I am very sad to report that George Chesbro died this morning after an illness.For those who have not read Chesbro’s work, he was the Washington, D.C.-born author of 27 books, including the renowned “Mongo the Magnificent” series (Shadow of a Broken Man, An Affair of Sorcerers, Dark Chant in a Crimson Key, etc.), which blended mystery and suspense with elements of science fiction and the supernatural. In addition to the Mongo stories, Chesbro wrote several novels featuring other characters from the Mongo universe (notable among them being Mongo’s brother and sometime partner, Garth Frederickson), as well as a few standalones, including Bone (1989) and The Keeper (2000). His first novel, King’s Gambit, was published in 1976, and his most recent one, Strange Prey and Other Tales of the Hunt, came out in December 2004. Chesbro was the recipient of an Ellery Queen Award and had served as president of the Mystery Writers Association of America.
Like all of you, I am a huge fan of George’s work. My friendship with him began in 1999 when I sent him a letter describing the fan website that I had created for his work. He liked what I’d done, and over the next couple of months, the fan site was transformed into Dangerous Dwarf, the official George C. Chesbro website.
I’ve very much enjoyed my friendship with George and [his wife] Robin over the years, and I will miss being able to correspond with him.
I'm sure Mongo and Garth will miss him, too.
You can learn more about him and his work by reading a pair of interviews, one from the Mystery One Bookstore site (and conducted by Jon Jordan), the other from the New York Press.
George Clark Chesbro was 68 years old.
POSTSCRIPT FROM J. KINGSTON PIERCE: This is surely bad news to wake up to on a Wednesday morning, or any morning for that matter. Back in the mid-1980s, when I’d just started out in this business of writing about crime and mystery fiction, George Chesbro was kind enough to let me visit him at his home in New York. This was after An Affair of Sorcerers had reached bookstores, but I think prior to the publication of what would become his cult novel, The Beasts of Valhalla (1985). He and his wife welcomed me into their home, where I stayed for several hours, discussing with him Mongo’s adventures, the current condition and future of crime fiction, and his interest in chess. He struck me as a kind and thoughtful man, one in whose orbit it would be easy to stay. He finally sent me away with a signed copy of King’s Gambit and what I thought then would be a never-ending interest in his work. But I confess, Chesbro finally dropped off my radar in the ’90s, as the number of authors I was interested in expanded exponentially, and I no longer had time to read everything that caught my eye. However, I still have all of the Chesbro books I collected, mostly from the Mongo series. I remember them as not only entertaining, but suspenseful and full of characters drawn so well that I either wanted to be their friends for life ... or were worried that they’d leap out from the page and do me harm, as well. Now that I’m near the completion of my two non-fiction books for this year (would somebody please remind me never to take on that sort of task again?), I think it’s time to revisit Mongo, his brother, Garth, and the often strange world in which they lived. I’m sorry that it’s Chesbro’s death that causes me to take up this task, but pleased that I am able, finally, to do so. Mongo, and Chesbro, should be part of every reader’s world.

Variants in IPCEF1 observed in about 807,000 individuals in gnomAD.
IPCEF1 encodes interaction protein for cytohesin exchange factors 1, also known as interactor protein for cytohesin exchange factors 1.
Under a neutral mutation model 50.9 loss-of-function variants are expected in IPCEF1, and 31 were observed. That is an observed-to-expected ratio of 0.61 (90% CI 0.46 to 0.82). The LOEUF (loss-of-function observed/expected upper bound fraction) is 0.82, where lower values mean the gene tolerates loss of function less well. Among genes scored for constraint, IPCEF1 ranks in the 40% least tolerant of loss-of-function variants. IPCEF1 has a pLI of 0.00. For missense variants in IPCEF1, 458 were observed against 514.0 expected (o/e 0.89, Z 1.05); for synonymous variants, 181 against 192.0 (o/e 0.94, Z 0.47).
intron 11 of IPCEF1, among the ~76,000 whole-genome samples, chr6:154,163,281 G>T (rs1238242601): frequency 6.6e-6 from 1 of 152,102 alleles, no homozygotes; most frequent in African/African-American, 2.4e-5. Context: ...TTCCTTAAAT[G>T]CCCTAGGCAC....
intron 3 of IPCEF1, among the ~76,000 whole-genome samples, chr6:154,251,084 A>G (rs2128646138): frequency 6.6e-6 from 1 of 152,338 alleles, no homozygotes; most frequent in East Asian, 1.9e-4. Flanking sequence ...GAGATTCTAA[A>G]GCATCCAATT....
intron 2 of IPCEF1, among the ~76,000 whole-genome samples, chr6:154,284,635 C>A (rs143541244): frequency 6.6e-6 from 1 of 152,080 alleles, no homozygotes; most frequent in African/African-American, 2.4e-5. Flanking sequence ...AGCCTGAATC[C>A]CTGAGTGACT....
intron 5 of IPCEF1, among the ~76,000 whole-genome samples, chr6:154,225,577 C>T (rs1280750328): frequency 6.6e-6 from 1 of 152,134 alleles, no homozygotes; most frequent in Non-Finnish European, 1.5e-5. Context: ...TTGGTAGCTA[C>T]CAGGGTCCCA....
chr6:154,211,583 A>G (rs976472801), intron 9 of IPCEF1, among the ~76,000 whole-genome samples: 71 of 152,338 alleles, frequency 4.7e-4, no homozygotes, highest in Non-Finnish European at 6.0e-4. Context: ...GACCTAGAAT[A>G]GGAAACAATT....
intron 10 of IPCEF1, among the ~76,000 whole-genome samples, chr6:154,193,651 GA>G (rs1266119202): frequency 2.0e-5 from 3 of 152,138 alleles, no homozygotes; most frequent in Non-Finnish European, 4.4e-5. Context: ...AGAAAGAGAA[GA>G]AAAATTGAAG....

UPDATE: Hunter Goatley contributed a fine follow-up post about Chesbro’s demise to The Rap Sheet. You can read it here.
READ MORE: “George Chesbro, R.I.P.,” by Sarah Weinman (Confessions of an Idiosyncratic Mind); “George Chesbro Dies,” by Patti Abbott (Pattinase); “George C. Chesbro (1940-2008),” by Elizabeth Foxwell (The Bunburyist).